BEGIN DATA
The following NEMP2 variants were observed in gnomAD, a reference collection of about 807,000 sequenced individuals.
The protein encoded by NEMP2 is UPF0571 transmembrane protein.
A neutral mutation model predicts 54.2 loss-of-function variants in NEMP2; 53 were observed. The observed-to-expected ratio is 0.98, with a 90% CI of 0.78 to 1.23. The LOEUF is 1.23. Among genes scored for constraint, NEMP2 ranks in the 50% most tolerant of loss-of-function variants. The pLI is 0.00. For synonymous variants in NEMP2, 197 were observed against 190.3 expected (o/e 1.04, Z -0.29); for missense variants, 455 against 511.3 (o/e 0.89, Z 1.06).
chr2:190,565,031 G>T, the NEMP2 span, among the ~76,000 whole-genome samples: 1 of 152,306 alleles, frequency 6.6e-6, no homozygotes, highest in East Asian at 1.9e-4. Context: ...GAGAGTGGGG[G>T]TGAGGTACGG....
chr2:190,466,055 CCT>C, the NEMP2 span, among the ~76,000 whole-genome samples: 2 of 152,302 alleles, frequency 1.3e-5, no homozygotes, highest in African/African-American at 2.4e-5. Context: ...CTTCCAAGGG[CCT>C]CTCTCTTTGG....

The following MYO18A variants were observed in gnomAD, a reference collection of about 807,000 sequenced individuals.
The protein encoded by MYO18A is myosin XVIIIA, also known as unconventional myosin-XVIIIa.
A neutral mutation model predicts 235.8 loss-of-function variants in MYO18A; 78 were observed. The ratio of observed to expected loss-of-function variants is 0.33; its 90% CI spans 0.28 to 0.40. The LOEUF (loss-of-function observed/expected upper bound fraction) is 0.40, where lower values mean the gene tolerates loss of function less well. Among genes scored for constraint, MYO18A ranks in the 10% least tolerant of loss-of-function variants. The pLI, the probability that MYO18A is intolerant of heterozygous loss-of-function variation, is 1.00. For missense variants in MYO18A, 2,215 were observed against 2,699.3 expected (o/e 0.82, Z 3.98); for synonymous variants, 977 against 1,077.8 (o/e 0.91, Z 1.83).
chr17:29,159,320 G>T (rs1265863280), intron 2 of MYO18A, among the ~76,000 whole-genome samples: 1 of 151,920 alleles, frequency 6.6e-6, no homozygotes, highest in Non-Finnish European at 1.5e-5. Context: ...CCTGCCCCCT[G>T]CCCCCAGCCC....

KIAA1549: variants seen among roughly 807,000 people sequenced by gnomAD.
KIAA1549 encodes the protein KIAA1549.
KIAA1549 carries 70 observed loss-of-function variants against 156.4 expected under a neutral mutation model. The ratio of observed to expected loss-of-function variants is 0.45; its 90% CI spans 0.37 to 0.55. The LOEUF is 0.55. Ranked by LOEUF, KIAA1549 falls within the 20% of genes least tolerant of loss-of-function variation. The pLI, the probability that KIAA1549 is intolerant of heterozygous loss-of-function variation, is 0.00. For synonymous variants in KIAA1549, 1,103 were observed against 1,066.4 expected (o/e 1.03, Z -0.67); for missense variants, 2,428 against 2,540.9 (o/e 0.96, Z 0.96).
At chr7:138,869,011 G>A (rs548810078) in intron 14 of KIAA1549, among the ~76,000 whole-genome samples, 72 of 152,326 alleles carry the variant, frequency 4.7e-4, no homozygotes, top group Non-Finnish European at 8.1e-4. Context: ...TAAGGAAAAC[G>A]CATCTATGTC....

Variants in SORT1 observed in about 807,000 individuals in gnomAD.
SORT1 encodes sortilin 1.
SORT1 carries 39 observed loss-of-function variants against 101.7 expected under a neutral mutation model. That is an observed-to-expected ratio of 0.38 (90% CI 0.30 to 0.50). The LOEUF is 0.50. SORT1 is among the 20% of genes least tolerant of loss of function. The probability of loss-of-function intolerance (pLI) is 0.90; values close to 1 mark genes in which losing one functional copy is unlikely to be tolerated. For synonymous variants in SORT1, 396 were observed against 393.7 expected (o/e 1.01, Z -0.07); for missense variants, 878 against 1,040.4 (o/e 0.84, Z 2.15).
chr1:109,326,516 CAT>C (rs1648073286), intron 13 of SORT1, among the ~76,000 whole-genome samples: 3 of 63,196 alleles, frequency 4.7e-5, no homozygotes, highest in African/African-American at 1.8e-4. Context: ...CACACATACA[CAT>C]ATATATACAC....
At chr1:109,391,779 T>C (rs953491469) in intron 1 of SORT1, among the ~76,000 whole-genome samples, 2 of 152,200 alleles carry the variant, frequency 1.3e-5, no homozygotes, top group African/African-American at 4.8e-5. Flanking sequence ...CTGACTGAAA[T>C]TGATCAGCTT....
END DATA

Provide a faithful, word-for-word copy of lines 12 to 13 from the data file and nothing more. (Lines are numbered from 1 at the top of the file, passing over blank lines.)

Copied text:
KIAA1549 carries 70 observed loss-of-function variants against 156.4 expected under a neutral mutation model. The ratio of observed to expected loss-of-function variants is 0.45; its 90% CI spans 0.37 to 0.55. The LOEUF is 0.55. Ranked by LOEUF, KIAA1549 falls within the 20% of genes least tolerant of loss-of-function variation. The pLI, the probability that KIAA1549 is intolerant of heterozygous loss-of-function variation, is 0.00. For synonymous variants in KIAA1549, 1,103 were observed against 1,066.4 expected (o/e 1.03, Z -0.67); for missense variants, 2,428 against 2,540.9 (o/e 0.96, Z 0.96).
At chr7:138,869,011 G>A (rs548810078) in intron 14 of KIAA1549, among the ~76,000 whole-genome samples, 72 of 152,326 alleles carry the variant, frequency 4.7e-4, no homozygotes, top group Non-Finnish European at 8.1e-4. Context: ...TAAGGAAAAC[G>A]CATCTATGTC....